LEGO Movie : Princess Unikitty Cake

For those of you that took  your kids (or yourself) to the LEGO Movie, BEHOLD, the “Everything is Awesome” Princess Unikitty Birthday cake.

Unikitty Cake


So here’s the story, my girls have played with LEGOs on and off over the years, but once the “LEGO Movie” came out, it has ramped our LEGO-shipping up a notch. Especially for my youngest daughter who will NOT STOP talking about Unikitty and Cloud Cuckoo Land. That part of the movie really stuck with her as well as the “Everything is Awesome” song… Well it stuck with me too.

So over the course of the last month or so, I’ve been adding to our collection of LEGO merchandise. We have the playsets, we have the video game, we have the pajamas, we’ve seen the movie, 3 times, and now (…because of the constant begging and since I love a challenge) we now have a Unikitty Birthday cake.

(Haven’t seen the LEGO Movie yet? It’s fantastic. Stop reading this and watch the trailer!)

Let it be known, I’m NOT a professional cake decorator. I actually don’t remember the last cake I tried to decorate. In fact, I’m not even a huge fan of cake. BUT I AM a champion Playdoh sculptor, so if I just tell my brain that fondant is Playdoh, it all works out.

Clara with her Unikitty Cake. Happy Birthday my sweet little girl!

Clara with her Unikitty Cake. Happy 4th Birthday my sweet little girl!

I did alot of searching online for Unikitty cakes to get some ideas and was highly disappointed. There really isn’t very many out there, maybe Unikitty isn’t as popular as Emmet or Wildstyle, but WE think so. Do not fear Unikitty worshipers, I have posted the “progress shots” to my blog so you can see me struggle, rejoice and beat my head trying to figure out how to make this thing.  Enjoy!


Yes, she is AWESOME!

First things first, I've never made fondant, so I found a recipe online and got to work.

First things first, I’ve never made fondant, so I found a recipe online and got to work. I used a dough hook and my Kitchenaid Mixer. I LOVE MY KITCHENAID MIXER.


Then I scaled up a photo of Unikitty and did a quick outline of how much cake I would need and what I would cut apart. We went to the store… uh two times since estimating isn’t my forte.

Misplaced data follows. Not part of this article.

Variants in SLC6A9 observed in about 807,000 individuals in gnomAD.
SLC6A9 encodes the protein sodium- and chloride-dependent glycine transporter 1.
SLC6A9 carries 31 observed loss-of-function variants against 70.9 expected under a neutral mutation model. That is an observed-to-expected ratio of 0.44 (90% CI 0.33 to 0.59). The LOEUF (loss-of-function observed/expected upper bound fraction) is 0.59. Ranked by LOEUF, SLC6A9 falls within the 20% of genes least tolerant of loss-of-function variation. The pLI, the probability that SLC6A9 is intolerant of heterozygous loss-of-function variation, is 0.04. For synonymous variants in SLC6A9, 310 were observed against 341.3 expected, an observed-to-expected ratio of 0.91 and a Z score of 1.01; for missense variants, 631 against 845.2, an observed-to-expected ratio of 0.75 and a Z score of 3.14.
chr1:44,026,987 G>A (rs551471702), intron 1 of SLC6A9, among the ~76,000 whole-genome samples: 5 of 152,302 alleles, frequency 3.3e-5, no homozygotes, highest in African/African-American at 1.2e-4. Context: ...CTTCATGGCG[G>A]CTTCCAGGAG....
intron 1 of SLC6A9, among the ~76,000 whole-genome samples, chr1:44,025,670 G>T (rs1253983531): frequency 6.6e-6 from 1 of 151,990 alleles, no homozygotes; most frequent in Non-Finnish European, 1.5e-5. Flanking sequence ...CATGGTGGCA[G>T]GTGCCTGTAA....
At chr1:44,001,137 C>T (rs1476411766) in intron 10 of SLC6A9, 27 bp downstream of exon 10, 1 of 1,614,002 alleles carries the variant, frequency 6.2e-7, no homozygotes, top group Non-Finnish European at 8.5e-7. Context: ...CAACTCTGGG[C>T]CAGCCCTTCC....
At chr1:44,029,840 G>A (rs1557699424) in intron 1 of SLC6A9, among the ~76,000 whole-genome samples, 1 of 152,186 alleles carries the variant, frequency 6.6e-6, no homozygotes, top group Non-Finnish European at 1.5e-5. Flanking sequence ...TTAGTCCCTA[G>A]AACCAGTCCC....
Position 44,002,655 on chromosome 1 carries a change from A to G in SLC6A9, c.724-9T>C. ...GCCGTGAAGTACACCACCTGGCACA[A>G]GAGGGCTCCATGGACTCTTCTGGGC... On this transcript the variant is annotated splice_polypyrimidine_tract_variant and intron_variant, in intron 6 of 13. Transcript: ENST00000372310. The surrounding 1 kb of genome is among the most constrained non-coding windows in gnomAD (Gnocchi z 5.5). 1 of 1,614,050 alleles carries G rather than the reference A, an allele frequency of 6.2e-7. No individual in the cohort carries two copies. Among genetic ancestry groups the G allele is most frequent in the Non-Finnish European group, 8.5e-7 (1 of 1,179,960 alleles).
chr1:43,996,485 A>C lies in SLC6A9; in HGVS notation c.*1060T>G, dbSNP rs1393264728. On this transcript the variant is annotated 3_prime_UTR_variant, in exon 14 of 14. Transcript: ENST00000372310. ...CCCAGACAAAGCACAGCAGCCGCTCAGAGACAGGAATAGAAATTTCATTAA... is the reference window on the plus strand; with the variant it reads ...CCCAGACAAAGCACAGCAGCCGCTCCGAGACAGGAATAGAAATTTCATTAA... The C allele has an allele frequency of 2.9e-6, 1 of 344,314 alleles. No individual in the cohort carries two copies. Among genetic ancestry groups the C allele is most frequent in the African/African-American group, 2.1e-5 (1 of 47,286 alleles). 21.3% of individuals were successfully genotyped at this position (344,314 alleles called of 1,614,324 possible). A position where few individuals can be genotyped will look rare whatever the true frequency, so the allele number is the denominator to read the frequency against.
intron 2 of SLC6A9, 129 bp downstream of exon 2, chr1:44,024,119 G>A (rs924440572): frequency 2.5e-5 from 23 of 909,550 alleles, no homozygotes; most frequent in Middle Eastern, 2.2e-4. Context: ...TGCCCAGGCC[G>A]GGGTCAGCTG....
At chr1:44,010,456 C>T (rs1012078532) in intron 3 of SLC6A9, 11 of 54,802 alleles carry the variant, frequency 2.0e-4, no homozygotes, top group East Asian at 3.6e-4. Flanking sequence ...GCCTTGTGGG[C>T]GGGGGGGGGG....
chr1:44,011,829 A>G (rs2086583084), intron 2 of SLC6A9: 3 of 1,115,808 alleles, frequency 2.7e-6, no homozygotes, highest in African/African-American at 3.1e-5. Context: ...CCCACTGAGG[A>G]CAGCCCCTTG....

We used the Funfetti cake, BECAUSE IT’S A BIRTHDAY DUH. I started with the legs and tail. At this point I’m already getting a little nervous.


Here I am struggling with the fondant. It’s breaking, it’s pinching, it’s not even whatsoever. And look in the back how much cake I’m wasting! Honestly at this point I wasn’t sure if it was going to turn out.


BUT I WILL NOT GIVE UP! Now I’m using food coloring and dying the fondant the different colors to get the LEGO legs, neck and outline of the tail. Yes, I’m messy, I’m just a mom. THERE ARE NO INSTRUCTIONS FOR THIS! THIS IS WHAT YOU DO FOR YOUR FOUR YEAR OLD!


Now I had to bake two more cakes to start the head. I’m all about proportion. I’ve seen enough cake shows that it’s much easier to cut if the cake is cold/frozen. Worked out perfect.


Covered the head in fondant, now I know I have seams everywhere, but honestly, nobody really cares!  Unless of course you are a professional cake decorator.


Now onto the details, some ears and face. At this point I’m actually having fun, it’s more like molding and rolling and using cookie cutters to get shapes.


More fondant fun, I have permanently dyed my hands black by using black food coloring on the eyes. Made the horn and some stars to cover up flaws.


Then I piped white icing around some of the seams just to smooth everything out and cover up the major flaws.  All in all I’m super happy with it. And my daughter thinks I’m “Totally Awesome.” Can’t get much better than that! We love you Clara! Happy Birthday!

The only downside to this is that my OTHER daughter wants a WildStyle cake for her birthday. I have until July to try to figure that one out!

Thanks for reading! ~April

April’s Grilled Veggie Medley

“Are there any more vegetables left?”…So says my husband last night at dinner! I look at him like he’s nuts. Really? You want more veggies? Who are you?

On my journey of “eating clean” or more like “eating” I’ve gotten my husband (who hates anything that grows out of the ground) to actually LIKE the veggies I painstakingly prepare for myself at every meal!??


So what did I prepare? I think most restaurants would call it a “Fresh Grilled Vegetable Medley”, but I kinda just made it up so I thought I better write it down!

Get yourself a grill pan, put in a TBSP of Extra Virgin Olive Oil, chop up 1/2 a sweet onion, handfuls of fresh Cauliflower, fresh Broccoli florets, fresh Brussel Sprouts quartered and some thinly sliced/strawed Kohlrabi. Grill them up so they are getting that carmel brown and hit it with a few “real” bacon bits and 1/4 cup chopped walnuts. As they are all mixing together, season with sea salt, pepper, garlic powder, onion powder and red pepper flakes. They should still be firm when you take it out of the pan.